J-Pouch Can Have Complications

What’s called pouchitis, an infection of the pouch, is the most common complication after J-pouch surgery, happening in about one-quarter to nearly one-half of those with a J-pouch. Symptoms include diarrhea, abdominal and joint pain, fever, and dehydration. It can be treated with antibiotics, Dr. Poppers says. If you’re experiencing any of these symptoms post-surgery (even years later), alert your doctor immediately. Other surgical complications include ileostomy blockage, dehydration, diarrhea, and possible scar tissue that might impact women’s fertility. Men might have changed sexual function post-op, so be sure to discuss when to safely have sex again with your doctor.

Surgery Option #2: Proctocolectomy With End Ileostomy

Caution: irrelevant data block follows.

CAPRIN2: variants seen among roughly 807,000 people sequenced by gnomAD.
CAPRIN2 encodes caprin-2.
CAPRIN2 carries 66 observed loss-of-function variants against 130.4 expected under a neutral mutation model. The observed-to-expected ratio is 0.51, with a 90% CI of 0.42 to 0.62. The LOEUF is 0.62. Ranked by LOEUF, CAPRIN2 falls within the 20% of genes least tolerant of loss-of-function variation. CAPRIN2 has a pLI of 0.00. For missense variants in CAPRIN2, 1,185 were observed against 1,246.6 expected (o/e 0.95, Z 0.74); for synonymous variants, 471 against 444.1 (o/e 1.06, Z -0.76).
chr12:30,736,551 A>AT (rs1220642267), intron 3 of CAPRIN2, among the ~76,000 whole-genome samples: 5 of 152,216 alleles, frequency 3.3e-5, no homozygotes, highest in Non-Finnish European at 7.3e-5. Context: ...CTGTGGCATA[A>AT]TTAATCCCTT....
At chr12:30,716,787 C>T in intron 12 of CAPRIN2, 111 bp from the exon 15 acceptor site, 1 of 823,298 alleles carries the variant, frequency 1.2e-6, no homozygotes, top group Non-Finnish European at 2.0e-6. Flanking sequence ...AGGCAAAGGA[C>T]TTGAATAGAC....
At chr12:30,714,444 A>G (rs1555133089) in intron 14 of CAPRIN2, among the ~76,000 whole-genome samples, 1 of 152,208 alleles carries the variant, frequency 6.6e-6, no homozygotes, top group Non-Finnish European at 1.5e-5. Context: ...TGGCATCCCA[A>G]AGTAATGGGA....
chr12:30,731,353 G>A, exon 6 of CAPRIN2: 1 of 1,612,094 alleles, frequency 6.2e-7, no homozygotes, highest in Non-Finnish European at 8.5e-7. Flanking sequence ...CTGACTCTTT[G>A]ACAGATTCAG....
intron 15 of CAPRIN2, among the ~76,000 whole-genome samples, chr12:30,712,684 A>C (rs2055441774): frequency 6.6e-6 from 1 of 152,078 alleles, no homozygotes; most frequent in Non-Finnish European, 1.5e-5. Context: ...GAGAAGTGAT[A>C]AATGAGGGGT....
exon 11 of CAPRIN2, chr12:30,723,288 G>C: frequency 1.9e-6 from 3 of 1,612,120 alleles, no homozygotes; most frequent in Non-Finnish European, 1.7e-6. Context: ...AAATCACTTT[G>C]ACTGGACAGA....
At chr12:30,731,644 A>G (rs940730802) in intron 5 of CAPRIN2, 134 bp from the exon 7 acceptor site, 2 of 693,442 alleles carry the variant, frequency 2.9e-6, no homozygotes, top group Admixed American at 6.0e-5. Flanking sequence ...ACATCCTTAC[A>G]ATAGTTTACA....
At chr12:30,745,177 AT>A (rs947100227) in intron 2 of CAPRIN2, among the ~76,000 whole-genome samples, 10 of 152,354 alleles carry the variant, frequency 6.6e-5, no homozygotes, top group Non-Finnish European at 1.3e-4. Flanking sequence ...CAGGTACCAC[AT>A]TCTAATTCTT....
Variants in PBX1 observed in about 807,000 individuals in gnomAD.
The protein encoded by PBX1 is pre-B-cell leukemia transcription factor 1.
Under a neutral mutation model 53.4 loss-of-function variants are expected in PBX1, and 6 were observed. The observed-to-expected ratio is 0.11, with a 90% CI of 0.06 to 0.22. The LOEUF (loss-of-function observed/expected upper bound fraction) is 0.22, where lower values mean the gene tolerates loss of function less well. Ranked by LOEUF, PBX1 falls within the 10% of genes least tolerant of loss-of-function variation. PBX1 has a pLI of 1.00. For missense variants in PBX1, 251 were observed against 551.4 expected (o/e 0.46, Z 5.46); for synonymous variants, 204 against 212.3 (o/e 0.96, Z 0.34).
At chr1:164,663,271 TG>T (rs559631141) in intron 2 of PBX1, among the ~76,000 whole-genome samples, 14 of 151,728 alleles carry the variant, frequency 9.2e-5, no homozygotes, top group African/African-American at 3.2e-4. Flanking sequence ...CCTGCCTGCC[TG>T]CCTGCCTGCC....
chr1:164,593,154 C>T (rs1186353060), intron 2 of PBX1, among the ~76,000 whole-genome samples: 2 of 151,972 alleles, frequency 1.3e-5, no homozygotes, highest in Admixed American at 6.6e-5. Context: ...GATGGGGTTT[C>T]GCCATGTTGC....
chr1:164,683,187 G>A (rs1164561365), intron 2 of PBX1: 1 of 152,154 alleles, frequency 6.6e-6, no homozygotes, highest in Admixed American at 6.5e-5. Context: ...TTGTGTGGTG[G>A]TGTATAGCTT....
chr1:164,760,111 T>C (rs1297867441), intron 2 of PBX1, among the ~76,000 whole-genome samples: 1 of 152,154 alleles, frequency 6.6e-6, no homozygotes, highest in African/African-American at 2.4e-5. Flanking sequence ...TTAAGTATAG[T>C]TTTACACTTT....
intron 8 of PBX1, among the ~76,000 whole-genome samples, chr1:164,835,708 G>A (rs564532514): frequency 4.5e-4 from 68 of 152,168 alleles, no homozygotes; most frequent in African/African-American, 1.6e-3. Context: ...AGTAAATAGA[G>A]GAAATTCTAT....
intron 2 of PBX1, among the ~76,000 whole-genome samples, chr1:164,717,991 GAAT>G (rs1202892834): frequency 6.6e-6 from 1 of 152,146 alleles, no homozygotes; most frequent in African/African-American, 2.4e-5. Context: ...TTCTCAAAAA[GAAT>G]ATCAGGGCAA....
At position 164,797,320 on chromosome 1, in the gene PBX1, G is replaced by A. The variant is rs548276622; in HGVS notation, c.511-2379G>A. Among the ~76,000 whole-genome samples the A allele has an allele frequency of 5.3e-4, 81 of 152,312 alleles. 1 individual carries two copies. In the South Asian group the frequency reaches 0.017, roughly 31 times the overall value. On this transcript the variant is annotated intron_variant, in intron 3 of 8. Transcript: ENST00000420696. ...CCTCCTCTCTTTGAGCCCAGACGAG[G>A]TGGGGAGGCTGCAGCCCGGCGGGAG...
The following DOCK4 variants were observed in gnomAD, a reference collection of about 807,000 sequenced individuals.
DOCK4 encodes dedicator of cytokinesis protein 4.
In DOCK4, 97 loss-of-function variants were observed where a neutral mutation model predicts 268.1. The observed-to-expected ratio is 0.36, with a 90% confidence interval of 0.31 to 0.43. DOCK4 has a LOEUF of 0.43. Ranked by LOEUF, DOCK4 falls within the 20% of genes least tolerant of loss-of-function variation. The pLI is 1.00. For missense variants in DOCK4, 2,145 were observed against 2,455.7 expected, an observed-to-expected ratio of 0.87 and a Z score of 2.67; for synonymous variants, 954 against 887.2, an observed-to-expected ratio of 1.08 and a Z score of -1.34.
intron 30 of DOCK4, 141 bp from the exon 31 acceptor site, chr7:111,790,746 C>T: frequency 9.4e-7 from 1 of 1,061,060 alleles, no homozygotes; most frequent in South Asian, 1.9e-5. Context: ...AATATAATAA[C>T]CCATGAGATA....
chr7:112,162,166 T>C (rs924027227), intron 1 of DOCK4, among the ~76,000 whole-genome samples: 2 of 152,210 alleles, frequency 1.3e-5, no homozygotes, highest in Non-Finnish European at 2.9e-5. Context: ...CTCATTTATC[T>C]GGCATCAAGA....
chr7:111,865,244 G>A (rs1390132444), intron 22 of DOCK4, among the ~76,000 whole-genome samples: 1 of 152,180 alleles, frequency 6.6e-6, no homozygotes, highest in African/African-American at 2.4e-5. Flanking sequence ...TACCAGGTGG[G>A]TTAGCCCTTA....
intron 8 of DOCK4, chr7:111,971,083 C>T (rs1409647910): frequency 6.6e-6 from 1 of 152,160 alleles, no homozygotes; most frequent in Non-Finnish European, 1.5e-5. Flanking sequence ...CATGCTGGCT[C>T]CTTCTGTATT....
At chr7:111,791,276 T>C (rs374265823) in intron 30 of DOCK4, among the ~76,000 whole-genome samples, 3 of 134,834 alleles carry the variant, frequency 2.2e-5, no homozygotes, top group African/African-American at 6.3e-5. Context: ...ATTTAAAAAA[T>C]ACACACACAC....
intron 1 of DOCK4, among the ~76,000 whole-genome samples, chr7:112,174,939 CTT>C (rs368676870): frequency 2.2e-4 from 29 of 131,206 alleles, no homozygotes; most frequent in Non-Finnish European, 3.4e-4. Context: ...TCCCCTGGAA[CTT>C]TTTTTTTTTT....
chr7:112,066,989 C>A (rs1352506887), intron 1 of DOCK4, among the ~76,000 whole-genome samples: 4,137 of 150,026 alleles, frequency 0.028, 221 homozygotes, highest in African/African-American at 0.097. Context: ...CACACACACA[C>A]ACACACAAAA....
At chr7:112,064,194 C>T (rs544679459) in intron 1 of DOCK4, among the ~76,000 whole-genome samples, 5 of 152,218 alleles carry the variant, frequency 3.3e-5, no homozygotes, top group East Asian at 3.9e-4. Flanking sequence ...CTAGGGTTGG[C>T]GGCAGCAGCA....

Now, let’s talk about proctocolectomy with end ileostomy. This surgery is similar to a J-pouch in that one end of your ilium is attached to your abdomen, where your surgeon then creates a small hole called a stoma, which allows stool out of the small bowel, right into an ostomy bag. After the procedure, you’ll constantly wear the ostomy bag to catch stool, and need to empty it multiple times a day. An ileostomy can typically be reversed, Dr. Poppers says, and converted to an internal pouch. “I think that’s an important point,” he says.

This Option Also Has Potential Complications

While an end ileostomy procedure does come with potential complications like infection from surgery or at the stoma site, blockage, or issues with the stoma itself, it avoids pouchitis, Dr. Poppers points out. That doesn’t mean you should rush to have a more permanent ileostomy, but it could be a consideration if an ostomy is not an issue for you, and your needs trend toward this procedure type.